The ongoing name calling and thousands of words resulting from my posting a rather simple mathematical proof which tends to contradict Cant ideas has gone as far as it is going. I will post this and am done with it.
Blackjack has many elements and possibly the least relevant to winning is the math element (now that pure mathematics has shown blackjack is beatable and how to beat it at least risk but such things can be memorized or taken from a program and after being memorized or found and applied have little relation to winning) but that is what happens to most interest me about the game. It was in that context I innocently answered a question on RGE saying the floating advantage was something that happened in blackjack but the effect was mild and often should be ignored but that it would make sense to drop levels of betting one true count when less than a deck remained in six decks because the advantage would be in the range of .5%, the approximate value of one true count. This rather modest post resulted in a spate of virtirputude from Cant, the magnitude of which I have never seen anywhere except from trolls like Cant and Puiu.
I have allowed myself to be baited by both Cant and Puiu and others a number of times and doing such things have been my mistakes. Senseless arguments with trolls do nothing to enlighten and much to confuse and sharing of accurate information, not sharing confusion, is what the Internet and sites like this ought to be about.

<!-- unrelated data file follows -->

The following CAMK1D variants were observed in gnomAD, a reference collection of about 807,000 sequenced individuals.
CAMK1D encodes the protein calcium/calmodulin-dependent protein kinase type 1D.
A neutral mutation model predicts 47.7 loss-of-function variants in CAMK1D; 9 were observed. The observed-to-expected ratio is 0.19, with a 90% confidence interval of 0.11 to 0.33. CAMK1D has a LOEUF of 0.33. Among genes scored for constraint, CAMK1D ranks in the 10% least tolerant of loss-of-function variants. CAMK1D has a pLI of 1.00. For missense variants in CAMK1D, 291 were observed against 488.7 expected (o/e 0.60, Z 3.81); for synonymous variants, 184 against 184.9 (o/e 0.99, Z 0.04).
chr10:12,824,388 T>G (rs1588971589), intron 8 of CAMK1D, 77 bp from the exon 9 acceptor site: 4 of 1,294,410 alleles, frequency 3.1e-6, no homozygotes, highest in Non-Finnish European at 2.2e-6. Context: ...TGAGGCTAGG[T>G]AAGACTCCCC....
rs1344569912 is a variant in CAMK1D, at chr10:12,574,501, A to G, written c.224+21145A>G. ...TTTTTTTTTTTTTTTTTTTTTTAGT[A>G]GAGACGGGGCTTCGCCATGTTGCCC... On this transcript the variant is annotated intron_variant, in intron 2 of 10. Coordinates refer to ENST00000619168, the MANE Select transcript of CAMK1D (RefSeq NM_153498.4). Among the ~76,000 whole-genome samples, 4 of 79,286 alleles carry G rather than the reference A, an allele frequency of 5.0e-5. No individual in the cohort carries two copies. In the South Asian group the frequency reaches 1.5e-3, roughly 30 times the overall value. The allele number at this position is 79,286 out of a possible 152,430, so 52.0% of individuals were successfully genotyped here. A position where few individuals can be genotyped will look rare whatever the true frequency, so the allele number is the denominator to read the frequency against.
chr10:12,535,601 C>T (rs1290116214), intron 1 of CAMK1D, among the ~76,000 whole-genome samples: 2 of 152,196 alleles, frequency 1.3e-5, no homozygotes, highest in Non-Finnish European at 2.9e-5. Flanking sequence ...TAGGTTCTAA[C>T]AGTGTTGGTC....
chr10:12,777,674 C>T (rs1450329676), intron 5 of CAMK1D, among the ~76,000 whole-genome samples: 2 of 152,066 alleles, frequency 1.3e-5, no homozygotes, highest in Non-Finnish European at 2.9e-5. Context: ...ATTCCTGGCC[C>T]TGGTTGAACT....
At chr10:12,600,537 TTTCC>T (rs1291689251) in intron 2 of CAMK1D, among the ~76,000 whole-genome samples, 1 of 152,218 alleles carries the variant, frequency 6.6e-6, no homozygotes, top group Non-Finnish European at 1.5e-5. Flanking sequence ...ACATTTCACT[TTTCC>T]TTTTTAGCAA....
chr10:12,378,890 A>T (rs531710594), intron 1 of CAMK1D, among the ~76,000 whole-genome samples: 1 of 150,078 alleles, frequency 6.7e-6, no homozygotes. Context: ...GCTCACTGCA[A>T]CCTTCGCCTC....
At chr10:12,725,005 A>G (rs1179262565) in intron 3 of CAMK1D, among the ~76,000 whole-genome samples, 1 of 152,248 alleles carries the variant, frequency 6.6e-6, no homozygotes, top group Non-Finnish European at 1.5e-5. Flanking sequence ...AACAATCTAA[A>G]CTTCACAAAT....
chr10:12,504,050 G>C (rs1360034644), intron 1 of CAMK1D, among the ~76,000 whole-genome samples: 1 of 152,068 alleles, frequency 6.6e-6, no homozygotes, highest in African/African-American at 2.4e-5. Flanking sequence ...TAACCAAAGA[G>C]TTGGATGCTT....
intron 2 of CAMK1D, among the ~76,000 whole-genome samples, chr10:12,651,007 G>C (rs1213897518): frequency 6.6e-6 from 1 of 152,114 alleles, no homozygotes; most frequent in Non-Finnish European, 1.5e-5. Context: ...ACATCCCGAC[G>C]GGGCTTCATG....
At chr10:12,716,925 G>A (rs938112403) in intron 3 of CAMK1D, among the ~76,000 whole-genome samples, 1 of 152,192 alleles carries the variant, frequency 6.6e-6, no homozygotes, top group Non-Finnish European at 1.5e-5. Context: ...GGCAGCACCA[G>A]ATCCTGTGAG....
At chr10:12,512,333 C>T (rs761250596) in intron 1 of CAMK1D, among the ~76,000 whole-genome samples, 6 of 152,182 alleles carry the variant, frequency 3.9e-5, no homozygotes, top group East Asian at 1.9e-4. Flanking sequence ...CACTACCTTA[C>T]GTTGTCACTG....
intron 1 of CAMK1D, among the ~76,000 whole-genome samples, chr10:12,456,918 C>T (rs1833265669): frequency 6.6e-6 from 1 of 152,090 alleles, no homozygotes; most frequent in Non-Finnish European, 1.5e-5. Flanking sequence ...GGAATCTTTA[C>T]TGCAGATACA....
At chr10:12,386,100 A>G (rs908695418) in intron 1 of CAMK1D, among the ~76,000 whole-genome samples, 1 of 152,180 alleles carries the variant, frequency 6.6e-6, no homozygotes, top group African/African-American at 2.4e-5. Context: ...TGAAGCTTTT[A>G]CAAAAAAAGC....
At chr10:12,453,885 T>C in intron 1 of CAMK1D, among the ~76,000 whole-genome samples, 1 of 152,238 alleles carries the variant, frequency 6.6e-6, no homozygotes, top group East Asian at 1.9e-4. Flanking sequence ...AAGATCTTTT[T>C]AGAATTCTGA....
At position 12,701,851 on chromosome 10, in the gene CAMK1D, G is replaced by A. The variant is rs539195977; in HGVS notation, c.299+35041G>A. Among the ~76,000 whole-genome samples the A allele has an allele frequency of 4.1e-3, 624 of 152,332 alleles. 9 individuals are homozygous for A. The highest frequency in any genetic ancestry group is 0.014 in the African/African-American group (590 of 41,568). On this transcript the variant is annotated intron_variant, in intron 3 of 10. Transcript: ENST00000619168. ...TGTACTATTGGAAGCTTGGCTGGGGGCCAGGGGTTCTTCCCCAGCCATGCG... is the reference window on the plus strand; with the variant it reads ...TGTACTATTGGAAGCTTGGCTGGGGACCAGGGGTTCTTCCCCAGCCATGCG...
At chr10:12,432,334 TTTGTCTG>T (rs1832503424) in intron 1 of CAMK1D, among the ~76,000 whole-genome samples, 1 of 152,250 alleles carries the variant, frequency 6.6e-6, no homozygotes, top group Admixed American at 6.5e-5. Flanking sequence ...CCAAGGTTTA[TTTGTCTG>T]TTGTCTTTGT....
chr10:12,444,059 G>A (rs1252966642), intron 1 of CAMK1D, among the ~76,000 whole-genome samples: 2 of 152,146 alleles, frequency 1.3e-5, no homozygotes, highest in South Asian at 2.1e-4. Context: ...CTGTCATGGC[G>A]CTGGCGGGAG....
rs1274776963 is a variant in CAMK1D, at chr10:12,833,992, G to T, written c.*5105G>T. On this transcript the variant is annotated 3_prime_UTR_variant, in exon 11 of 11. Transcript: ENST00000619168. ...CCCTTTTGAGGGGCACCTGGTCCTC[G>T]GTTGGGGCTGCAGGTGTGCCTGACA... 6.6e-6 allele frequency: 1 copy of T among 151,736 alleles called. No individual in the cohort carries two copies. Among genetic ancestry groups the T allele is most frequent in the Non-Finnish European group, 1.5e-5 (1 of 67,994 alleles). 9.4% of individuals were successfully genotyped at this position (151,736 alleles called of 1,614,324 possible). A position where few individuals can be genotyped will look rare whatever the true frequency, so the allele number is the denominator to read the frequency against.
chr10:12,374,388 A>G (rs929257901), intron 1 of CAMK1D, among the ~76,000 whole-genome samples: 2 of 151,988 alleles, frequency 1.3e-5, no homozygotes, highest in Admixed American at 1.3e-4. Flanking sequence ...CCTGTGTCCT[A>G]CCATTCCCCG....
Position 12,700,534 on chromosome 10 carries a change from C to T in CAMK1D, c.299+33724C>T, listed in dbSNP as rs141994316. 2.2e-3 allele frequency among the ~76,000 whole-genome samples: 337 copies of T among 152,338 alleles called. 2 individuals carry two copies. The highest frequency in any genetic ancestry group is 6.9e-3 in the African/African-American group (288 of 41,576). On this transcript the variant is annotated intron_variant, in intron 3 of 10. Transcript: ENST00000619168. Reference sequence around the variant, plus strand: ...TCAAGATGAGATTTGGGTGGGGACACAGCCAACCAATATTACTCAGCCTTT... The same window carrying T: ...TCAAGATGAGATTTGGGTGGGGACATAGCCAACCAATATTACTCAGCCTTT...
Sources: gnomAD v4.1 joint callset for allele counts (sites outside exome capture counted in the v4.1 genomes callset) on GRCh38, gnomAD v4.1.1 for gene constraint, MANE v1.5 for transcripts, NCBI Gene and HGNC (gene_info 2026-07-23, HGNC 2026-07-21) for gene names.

It is my concern now my getting into this pissing contest might trivialize the power and IMHO the beauty of formal mathematical proofs. To the extent Cant�s thousands of words might tend to make persons with nonmathematical backgrounds skeptical of the power and legitimacy of a mathematical proof , the board is being ill-served. To the extent the thousands of words might tend make persons with nonmathematical background skeptical of the use of symbols to denote numbers in a mathematical proof, the board is being ill-served.
So this post is meant to accomplish three things: One is to explain more fully and in terms of the notation, definitions, theorems, postulate, and formal mathematical steps in this proof the power in general of mathematical proofs and to explain how the hypothetical in mathematical proofs relate to real things with a hope people with nonmathematical backgrounds will not be misled into thinking formal proofs are irrelevant. Second is to meet Cant�s objections as much as I have understood his fractured prose as objections. Third is to get me out of this pissing contest. After this post I will not address Cant again on this or any other topic.
Proofs, depending on the circumstances, can take various forms. But, whatever the form, they have things in common. A proof such as this one uses the device of the undefined value which is different from the substance of a geometric proof but not different in form because both use some basic propositions to show the truth or falsity of another proposition.